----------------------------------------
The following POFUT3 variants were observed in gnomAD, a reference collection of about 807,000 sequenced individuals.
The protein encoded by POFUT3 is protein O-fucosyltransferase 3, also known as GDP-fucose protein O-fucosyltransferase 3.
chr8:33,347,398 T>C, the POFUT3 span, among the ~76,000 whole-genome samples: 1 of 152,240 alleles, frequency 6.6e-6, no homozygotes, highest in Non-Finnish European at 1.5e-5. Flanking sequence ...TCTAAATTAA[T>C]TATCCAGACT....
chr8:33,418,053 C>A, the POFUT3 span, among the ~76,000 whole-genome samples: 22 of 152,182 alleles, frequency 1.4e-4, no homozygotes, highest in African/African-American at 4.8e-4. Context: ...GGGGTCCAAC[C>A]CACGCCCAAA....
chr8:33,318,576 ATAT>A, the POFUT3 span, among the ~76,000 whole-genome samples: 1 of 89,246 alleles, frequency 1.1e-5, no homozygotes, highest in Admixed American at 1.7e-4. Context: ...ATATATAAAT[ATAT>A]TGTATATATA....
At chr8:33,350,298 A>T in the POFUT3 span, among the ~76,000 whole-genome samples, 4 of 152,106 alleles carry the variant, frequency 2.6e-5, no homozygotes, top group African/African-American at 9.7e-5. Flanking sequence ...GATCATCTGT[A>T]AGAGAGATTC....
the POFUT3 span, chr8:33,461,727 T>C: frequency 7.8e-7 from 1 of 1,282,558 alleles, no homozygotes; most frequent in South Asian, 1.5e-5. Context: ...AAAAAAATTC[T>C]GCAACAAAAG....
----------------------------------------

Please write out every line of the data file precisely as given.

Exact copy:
The following POFUT3 variants were observed in gnomAD, a reference collection of about 807,000 sequenced individuals.
The protein encoded by POFUT3 is protein O-fucosyltransferase 3, also known as GDP-fucose protein O-fucosyltransferase 3.
chr8:33,347,398 T>C, the POFUT3 span, among the ~76,000 whole-genome samples: 1 of 152,240 alleles, frequency 6.6e-6, no homozygotes, highest in Non-Finnish European at 1.5e-5. Flanking sequence ...TCTAAATTAA[T>C]TATCCAGACT....
chr8:33,418,053 C>A, the POFUT3 span, among the ~76,000 whole-genome samples: 22 of 152,182 alleles, frequency 1.4e-4, no homozygotes, highest in African/African-American at 4.8e-4. Context: ...GGGGTCCAAC[C>A]CACGCCCAAA....
chr8:33,318,576 ATAT>A, the POFUT3 span, among the ~76,000 whole-genome samples: 1 of 89,246 alleles, frequency 1.1e-5, no homozygotes, highest in Admixed American at 1.7e-4. Context: ...ATATATAAAT[ATAT>A]TGTATATATA....
At chr8:33,350,298 A>T in the POFUT3 span, among the ~76,000 whole-genome samples, 4 of 152,106 alleles carry the variant, frequency 2.6e-5, no homozygotes, top group African/African-American at 9.7e-5. Flanking sequence ...GATCATCTGT[A>T]AGAGAGATTC....
the POFUT3 span, chr8:33,461,727 T>C: frequency 7.8e-7 from 1 of 1,282,558 alleles, no homozygotes; most frequent in South Asian, 1.5e-5. Context: ...AAAAAAATTC[T>C]GCAACAAAAG....